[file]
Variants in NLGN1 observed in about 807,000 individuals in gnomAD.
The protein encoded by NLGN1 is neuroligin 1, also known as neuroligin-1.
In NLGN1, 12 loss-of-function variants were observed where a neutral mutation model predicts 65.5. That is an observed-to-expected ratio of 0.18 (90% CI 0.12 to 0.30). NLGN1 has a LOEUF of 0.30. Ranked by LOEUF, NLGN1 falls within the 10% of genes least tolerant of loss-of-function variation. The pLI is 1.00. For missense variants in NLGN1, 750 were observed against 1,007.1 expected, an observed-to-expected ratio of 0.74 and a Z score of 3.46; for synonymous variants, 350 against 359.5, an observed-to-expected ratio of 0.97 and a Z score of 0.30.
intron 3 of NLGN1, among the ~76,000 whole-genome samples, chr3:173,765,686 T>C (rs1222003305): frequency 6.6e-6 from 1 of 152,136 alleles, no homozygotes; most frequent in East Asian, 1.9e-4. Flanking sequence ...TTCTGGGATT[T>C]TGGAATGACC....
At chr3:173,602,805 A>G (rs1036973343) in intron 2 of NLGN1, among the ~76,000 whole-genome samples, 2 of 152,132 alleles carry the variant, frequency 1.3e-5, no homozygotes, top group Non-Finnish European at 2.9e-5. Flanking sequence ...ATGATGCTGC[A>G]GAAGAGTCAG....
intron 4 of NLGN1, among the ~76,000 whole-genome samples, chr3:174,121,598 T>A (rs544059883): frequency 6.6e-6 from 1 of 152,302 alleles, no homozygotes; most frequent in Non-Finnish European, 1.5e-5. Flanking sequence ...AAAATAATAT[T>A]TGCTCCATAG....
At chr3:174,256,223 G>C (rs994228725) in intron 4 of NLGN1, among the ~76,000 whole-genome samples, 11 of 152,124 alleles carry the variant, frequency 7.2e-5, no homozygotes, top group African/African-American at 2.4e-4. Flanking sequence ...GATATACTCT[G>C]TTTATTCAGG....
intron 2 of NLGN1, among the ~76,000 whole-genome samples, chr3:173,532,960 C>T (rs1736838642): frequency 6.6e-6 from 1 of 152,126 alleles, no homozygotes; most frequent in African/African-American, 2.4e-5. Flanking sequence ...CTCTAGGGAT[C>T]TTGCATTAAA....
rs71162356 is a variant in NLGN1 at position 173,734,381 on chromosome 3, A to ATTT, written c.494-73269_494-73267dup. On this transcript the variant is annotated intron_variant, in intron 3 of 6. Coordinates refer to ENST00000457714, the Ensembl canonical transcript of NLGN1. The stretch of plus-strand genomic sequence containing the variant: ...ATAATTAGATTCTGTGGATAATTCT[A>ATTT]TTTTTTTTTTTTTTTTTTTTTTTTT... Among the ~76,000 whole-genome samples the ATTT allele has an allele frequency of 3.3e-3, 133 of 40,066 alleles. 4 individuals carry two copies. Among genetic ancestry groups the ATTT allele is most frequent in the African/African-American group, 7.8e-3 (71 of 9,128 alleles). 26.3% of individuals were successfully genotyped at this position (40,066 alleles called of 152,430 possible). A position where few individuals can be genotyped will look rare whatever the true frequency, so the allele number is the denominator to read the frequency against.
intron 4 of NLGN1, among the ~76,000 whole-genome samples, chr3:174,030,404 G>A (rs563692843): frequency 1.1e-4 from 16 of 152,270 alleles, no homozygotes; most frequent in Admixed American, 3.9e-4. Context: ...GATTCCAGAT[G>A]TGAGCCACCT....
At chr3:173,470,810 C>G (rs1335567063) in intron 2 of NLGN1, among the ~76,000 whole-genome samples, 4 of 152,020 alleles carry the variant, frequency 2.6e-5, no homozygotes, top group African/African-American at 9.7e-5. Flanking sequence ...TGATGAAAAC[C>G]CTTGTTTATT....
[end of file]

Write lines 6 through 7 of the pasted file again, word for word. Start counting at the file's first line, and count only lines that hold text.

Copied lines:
intron 4 of NLGN1, among the ~76,000 whole-genome samples, chr3:174,121,598 T>A (rs544059883): frequency 6.6e-6 from 1 of 152,302 alleles, no homozygotes; most frequent in Non-Finnish European, 1.5e-5. Flanking sequence ...AAAATAATAT[T>A]TGCTCCATAG....
At chr3:174,256,223 G>C (rs994228725) in intron 4 of NLGN1, among the ~76,000 whole-genome samples, 11 of 152,124 alleles carry the variant, frequency 7.2e-5, no homozygotes, top group African/African-American at 2.4e-4. Flanking sequence ...GATATACTCT[G>C]TTTATTCAGG....